The well is seen in the next photograph, and is dated to the Roman period, with a modern structure built over it. A broken wind mill is located above the well, which used to pump the water. During WW1 the German troops pumped water for the supply of water to the Turkish locomotives in Afula. Since then, the well in the site is called the “German well”.
A view from the site towards the east is seen below. Behind the well, 0.5KM away, is the main road from Nazareth to Afula. Behind it, at about 1KM away, is Moshav Balfouriya. In the far background is the hill called Givat-Hamoreh (hill of Moreh), which is mentioned in a Biblical description of a battle (Judges 7,1: “Then Jerubbaal, who is Gideon, and all the people that were with him, rose up early, and pitched beside the well of Harod: so that the host of the Midianites were on the north side of them, by the hill of Moreh, in the valley”).
On the foothills of Moreh are other ancient sites: Shunem (Sulem) on the southern foothills, and Naim (Nein, site of Jesus’ miracle) on the northern foothills.
A monument was erected by the residents of Moshav Balfouriya to honor the memory of its soldiers.
The inscription on the pillar is a verse from prophetess Deborah’s song of triumph over the Canaanites, when Barak the son of Abinoam defeated the Canaanite army led by Sisera. It reads ( Judges 5 13): “Then he made him that remaineth have dominion over the nobles among the people”. In the background of the inscription is a map of the creeks around the site (Kishon and Precipice) where the battle occurred and the Israelites were victorious.
On the south side of the pillar is a rock-hewn sculpture of the pioneers farming the fields. In the background behind the left side of the rock is Mount Precipice near Nazareth, the traditional site of Jesus’ leap.
(d) The Buffalos and Donkeys
In the nature reserve is a small number of Buffalos and donkeys, who were brought here to eat up the canes and weeds, keeping the swamp clean.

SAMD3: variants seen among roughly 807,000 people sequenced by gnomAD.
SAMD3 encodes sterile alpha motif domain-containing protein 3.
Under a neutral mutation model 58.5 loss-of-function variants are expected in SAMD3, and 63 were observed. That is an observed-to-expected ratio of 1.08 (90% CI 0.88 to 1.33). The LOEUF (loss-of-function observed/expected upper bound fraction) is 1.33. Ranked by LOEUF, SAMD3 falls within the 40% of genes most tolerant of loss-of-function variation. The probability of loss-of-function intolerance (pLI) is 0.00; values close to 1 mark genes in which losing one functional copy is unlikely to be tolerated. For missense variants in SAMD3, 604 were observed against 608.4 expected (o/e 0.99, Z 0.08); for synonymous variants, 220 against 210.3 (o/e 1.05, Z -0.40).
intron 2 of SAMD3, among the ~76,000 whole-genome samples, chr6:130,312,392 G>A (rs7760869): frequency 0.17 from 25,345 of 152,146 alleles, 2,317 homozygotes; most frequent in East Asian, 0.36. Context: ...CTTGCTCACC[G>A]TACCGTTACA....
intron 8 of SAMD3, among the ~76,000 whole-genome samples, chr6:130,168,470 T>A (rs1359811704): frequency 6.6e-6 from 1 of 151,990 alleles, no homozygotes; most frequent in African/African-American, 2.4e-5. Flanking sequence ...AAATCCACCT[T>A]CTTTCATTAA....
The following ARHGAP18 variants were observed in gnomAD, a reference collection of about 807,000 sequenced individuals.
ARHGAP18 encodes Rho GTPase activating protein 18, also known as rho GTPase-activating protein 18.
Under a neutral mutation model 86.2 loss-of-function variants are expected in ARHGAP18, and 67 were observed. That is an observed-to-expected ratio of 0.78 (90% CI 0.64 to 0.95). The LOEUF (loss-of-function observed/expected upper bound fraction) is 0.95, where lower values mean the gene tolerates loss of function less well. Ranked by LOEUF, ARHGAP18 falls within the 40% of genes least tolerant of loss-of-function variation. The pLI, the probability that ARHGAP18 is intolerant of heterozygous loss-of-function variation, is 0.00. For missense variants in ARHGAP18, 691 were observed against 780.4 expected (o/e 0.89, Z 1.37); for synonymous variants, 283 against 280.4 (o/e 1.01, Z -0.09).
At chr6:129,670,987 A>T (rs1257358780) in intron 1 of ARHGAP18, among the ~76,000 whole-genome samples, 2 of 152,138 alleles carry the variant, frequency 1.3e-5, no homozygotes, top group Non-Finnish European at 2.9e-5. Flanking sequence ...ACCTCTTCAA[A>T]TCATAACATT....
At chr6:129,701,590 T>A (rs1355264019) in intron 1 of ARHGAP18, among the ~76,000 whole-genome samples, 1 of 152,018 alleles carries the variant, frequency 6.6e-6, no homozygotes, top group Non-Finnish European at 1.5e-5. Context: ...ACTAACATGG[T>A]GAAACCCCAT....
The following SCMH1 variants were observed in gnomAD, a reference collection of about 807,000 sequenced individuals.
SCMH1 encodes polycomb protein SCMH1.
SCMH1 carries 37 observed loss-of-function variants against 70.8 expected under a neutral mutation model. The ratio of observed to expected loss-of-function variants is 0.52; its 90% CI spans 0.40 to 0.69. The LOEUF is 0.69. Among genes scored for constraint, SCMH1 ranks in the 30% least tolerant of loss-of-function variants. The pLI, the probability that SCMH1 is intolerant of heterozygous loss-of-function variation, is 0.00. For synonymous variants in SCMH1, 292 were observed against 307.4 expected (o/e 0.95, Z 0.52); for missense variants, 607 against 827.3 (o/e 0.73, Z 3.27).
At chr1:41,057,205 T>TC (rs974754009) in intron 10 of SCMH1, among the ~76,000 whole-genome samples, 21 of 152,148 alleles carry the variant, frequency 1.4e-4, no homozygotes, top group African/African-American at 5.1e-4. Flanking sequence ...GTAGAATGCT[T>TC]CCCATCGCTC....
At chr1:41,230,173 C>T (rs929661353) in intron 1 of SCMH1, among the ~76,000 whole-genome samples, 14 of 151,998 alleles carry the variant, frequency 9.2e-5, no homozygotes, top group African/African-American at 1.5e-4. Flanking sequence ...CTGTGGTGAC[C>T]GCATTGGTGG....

The photo below shows a view to the west, with a water buffalo grazing in the swamps.
The use of the water buffalos to clean up the swamps is used in other sites, such as in Hula lake and in Afek nature reserve.
A closer view of the buffalo is shown next. It doesn’t look so happy… tough day in the swamps.
A pair of donkeys are other residents of the nature reserve, and they welcome you behind the fence on top of the hill. In the background is a small pond, which is what remained from the swamp after a dry summer.
(e) The Hellenistic/Roman site
The Biblical village moved to a larger place nearby, called “Kh. el Mezrah”, which was closer to the route of the ancient road. According to the PEF survey (1866-1877), they found traces of ancient ruins with “broken sarcophagi and good springs of water”.
The site is located on a hill north of Balfouriya, which is seen in the center of the photograph. Behind it in the far background is Giv’at Hamoreh.
A closer view of the hill, where the ruins of Kh. el Mezrah are located, is in the next photograph. Behind it, on the far right background, is the village of Naim (Nain) and Tell Agol.
(a) Deuteronomy 14:4-6:
The Bible lists the “Kosher” meat, which includes the wild ox (“Teo” in Hebrew) which is a water Buffalo.
“These are the beasts which ye shall eat: the ox, the sheep, and the goat, The hart, and the roebuck, and the fallow deer, and the wild goat, and the pygarg, and the wild ox, and the chamois. And every beast that parteth the hoof, and cleaveth the cleft into two claws, and cheweth the cud among the beasts, that ye shall eat”.
(b) Isaiah 51 20:
In this verse the word “Teo” was translated to “wild bull“.
“Thy sons have fainted, they lie at the head of all the streets, as a wild bull in a net: they are full of the fury of the LORD, the rebuke of thy God”.
Links and References:
Tell Yifar Nature reserve (Hebrew)
Sefi Ben Yosef’s hike (Hebrew)
Kishon River – sites along the river
Tarbenet – a nearby ruins of a Roman/Byzantine village
Deborah and Barak – info page
Etymology (behind the name):
- Tell (Tel) – mound (See more on the story of a Tell).
- Jamus – Arabic for Water-Buffalo (Bubalus arnee or Bubalus bubalis)
- Teo – Hebrew: Buffalo (also: wild ox or will bull)
- ‘Adashim – Hebrew: Lentils. ‘Adashim is the name of the springs in this site, the source of ‘Adashim creek which flows to the Kishon. It is also the name of the agriculture village of Tell ‘Adashim, located 5 KM north.
Genesis 25 34 : “Then Jacob gave Esau bread and pottage of lentils; and he did eat and drink, and rose up, and went his way: thus Esau despised his birthright”.
Ezekiel 4:9 :”Take thou also unto thee wheat, and barley, and beans, and lentiles, and millet, and fitches, and put them in one vessel, and make thee bread thereof, according to the number of the days that thou shalt lie upon thy side, three hundred and ninety days shalt thou eat thereof”.
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This page was last updated on Aug 19, 2011